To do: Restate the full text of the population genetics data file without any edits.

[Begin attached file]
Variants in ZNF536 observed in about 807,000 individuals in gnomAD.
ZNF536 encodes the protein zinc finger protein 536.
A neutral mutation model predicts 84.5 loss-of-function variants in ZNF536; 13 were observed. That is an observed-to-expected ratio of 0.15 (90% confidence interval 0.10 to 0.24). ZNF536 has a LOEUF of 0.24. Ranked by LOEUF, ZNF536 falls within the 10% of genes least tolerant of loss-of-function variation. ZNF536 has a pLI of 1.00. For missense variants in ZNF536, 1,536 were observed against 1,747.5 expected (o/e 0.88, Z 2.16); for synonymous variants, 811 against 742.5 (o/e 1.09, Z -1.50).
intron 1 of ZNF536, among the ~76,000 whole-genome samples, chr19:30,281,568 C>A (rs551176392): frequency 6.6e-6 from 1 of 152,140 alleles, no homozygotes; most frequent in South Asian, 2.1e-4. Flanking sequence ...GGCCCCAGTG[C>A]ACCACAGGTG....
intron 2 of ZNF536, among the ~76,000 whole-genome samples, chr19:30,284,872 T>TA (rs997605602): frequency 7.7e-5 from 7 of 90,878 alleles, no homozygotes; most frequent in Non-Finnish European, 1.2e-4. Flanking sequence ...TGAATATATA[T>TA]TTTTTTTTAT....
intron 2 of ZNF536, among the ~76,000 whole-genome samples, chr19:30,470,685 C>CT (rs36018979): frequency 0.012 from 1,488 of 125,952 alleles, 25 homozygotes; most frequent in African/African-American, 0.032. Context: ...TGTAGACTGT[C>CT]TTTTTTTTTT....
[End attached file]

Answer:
Variants in ZNF536 observed in about 807,000 individuals in gnomAD.
ZNF536 encodes the protein zinc finger protein 536.
A neutral mutation model predicts 84.5 loss-of-function variants in ZNF536; 13 were observed. That is an observed-to-expected ratio of 0.15 (90% confidence interval 0.10 to 0.24). ZNF536 has a LOEUF of 0.24. Ranked by LOEUF, ZNF536 falls within the 10% of genes least tolerant of loss-of-function variation. ZNF536 has a pLI of 1.00. For missense variants in ZNF536, 1,536 were observed against 1,747.5 expected (o/e 0.88, Z 2.16); for synonymous variants, 811 against 742.5 (o/e 1.09, Z -1.50).
intron 1 of ZNF536, among the ~76,000 whole-genome samples, chr19:30,281,568 C>A (rs551176392): frequency 6.6e-6 from 1 of 152,140 alleles, no homozygotes; most frequent in South Asian, 2.1e-4. Flanking sequence ...GGCCCCAGTG[C>A]ACCACAGGTG....
intron 2 of ZNF536, among the ~76,000 whole-genome samples, chr19:30,284,872 T>TA (rs997605602): frequency 7.7e-5 from 7 of 90,878 alleles, no homozygotes; most frequent in Non-Finnish European, 1.2e-4. Flanking sequence ...TGAATATATA[T>TA]TTTTTTTTAT....
intron 2 of ZNF536, among the ~76,000 whole-genome samples, chr19:30,470,685 C>CT (rs36018979): frequency 0.012 from 1,488 of 125,952 alleles, 25 homozygotes; most frequent in African/African-American, 0.032. Context: ...TGTAGACTGT[C>CT]TTTTTTTTTT....